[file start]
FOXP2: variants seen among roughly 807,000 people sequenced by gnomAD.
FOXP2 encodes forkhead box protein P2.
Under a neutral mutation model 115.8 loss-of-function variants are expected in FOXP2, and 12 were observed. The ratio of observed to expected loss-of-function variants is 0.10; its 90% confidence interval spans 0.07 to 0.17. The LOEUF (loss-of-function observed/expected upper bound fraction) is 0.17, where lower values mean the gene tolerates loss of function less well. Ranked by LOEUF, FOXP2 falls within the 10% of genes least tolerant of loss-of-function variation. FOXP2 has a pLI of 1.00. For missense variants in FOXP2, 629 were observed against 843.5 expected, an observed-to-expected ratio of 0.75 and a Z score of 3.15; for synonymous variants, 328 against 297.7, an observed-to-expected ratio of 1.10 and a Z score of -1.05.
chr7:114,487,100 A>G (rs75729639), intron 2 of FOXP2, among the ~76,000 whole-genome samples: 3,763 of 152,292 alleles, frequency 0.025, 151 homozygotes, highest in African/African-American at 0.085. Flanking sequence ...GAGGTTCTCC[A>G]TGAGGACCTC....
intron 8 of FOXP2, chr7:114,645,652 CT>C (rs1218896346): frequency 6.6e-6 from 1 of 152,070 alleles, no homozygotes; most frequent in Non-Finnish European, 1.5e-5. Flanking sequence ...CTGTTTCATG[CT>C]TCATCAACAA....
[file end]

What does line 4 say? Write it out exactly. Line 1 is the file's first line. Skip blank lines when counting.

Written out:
chr7:114,487,100 A>G (rs75729639), intron 2 of FOXP2, among the ~76,000 whole-genome samples: 3,763 of 152,292 alleles, frequency 0.025, 151 homozygotes, highest in African/African-American at 0.085. Flanking sequence ...GAGGTTCTCC[A>G]TGAGGACCTC....